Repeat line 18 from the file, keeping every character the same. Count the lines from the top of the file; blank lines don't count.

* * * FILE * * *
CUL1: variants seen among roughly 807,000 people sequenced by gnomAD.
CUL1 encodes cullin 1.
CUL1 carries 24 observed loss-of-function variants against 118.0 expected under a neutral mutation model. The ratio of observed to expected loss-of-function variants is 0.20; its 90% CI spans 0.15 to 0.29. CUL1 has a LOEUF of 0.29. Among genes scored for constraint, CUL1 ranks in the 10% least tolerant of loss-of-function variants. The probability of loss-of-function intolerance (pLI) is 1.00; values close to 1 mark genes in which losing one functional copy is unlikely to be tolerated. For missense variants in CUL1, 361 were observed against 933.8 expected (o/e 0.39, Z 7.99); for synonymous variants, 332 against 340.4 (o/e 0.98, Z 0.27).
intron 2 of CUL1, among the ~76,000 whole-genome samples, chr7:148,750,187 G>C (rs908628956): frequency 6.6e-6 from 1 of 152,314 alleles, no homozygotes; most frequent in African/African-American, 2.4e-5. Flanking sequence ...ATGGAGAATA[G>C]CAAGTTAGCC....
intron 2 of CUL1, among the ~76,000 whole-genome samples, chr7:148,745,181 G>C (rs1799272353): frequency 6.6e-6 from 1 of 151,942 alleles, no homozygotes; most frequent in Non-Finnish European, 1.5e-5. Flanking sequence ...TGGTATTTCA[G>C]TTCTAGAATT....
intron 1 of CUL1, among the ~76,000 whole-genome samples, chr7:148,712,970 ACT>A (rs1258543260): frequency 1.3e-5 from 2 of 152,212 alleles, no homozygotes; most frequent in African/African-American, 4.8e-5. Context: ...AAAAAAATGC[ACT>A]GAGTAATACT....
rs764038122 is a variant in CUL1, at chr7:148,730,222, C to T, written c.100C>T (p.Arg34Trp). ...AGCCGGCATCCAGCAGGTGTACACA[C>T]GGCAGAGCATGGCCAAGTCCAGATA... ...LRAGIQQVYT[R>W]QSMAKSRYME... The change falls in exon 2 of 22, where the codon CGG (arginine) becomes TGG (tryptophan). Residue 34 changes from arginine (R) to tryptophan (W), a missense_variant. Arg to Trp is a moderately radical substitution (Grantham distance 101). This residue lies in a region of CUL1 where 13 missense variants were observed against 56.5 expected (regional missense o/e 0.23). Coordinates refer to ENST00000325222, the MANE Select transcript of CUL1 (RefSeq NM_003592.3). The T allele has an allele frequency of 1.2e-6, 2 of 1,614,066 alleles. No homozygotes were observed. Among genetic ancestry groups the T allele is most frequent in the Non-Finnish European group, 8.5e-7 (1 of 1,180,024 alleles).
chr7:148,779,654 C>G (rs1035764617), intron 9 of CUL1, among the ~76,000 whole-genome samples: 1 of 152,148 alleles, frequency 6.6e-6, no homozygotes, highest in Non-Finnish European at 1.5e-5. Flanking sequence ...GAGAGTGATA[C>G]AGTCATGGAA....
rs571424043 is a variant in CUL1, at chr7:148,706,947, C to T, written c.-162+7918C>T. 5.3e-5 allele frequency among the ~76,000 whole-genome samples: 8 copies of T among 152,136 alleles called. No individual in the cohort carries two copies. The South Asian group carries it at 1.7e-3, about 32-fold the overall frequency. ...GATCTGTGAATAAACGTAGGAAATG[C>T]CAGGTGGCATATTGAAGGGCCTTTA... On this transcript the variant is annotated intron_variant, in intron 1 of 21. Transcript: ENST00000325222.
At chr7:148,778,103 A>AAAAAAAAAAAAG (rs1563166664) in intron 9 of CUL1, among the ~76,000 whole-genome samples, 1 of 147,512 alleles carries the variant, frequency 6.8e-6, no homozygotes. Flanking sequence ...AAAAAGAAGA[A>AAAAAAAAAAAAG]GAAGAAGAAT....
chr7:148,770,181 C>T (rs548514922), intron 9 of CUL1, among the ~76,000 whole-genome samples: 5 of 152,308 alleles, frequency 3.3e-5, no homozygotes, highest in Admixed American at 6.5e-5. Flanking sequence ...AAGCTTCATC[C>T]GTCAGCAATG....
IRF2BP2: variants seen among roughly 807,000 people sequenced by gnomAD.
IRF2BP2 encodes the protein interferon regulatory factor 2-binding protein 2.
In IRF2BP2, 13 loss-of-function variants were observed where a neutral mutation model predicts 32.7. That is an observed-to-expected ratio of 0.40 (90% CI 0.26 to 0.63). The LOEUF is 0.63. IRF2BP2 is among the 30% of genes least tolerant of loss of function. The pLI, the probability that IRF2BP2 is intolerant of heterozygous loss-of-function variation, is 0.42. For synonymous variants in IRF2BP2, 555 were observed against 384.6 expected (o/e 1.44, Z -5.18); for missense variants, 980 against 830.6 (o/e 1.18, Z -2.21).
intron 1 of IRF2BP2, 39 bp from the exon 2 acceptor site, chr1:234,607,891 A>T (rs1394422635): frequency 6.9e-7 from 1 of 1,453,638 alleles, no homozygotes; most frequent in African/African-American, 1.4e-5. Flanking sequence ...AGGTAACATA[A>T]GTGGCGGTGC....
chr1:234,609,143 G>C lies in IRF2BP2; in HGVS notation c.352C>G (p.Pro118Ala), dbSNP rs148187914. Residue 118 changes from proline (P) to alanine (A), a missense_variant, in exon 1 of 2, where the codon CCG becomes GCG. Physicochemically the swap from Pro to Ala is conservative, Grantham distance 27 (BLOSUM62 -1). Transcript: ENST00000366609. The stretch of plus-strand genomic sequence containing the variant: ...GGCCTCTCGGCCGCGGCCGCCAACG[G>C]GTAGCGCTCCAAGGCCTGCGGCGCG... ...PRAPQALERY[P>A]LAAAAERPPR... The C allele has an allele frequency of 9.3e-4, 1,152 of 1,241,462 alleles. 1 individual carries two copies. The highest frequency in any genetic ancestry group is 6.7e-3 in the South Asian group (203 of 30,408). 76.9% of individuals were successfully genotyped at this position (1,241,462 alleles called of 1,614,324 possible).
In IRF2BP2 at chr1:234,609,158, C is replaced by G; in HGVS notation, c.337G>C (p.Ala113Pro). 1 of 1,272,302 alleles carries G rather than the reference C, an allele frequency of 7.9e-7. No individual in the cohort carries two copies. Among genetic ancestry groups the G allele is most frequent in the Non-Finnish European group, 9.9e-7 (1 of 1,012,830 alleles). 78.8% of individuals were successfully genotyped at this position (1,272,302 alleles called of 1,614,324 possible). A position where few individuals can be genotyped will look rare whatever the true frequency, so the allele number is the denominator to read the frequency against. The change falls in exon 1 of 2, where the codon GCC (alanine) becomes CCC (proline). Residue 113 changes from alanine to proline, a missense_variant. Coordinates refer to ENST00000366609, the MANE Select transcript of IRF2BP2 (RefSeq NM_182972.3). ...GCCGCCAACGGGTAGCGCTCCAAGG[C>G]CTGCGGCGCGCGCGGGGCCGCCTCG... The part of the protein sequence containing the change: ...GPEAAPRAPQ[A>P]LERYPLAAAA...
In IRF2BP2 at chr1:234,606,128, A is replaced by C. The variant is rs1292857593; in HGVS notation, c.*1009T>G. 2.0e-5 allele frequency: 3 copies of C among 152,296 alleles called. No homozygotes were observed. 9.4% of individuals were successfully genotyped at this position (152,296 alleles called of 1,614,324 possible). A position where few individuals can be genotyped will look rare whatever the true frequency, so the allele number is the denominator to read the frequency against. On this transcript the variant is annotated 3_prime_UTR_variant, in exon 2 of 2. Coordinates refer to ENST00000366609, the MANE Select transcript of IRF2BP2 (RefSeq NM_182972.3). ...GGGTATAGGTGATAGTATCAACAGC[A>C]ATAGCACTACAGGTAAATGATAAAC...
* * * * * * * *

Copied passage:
In IRF2BP2 at chr1:234,606,128, A is replaced by C. The variant is rs1292857593; in HGVS notation, c.*1009T>G. 2.0e-5 allele frequency: 3 copies of C among 152,296 alleles called. No homozygotes were observed. 9.4% of individuals were successfully genotyped at this position (152,296 alleles called of 1,614,324 possible). A position where few individuals can be genotyped will look rare whatever the true frequency, so the allele number is the denominator to read the frequency against. On this transcript the variant is annotated 3_prime_UTR_variant, in exon 2 of 2. Coordinates refer to ENST00000366609, the MANE Select transcript of IRF2BP2 (RefSeq NM_182972.3). ...GGGTATAGGTGATAGTATCAACAGC[A>C]ATAGCACTACAGGTAAATGATAAAC...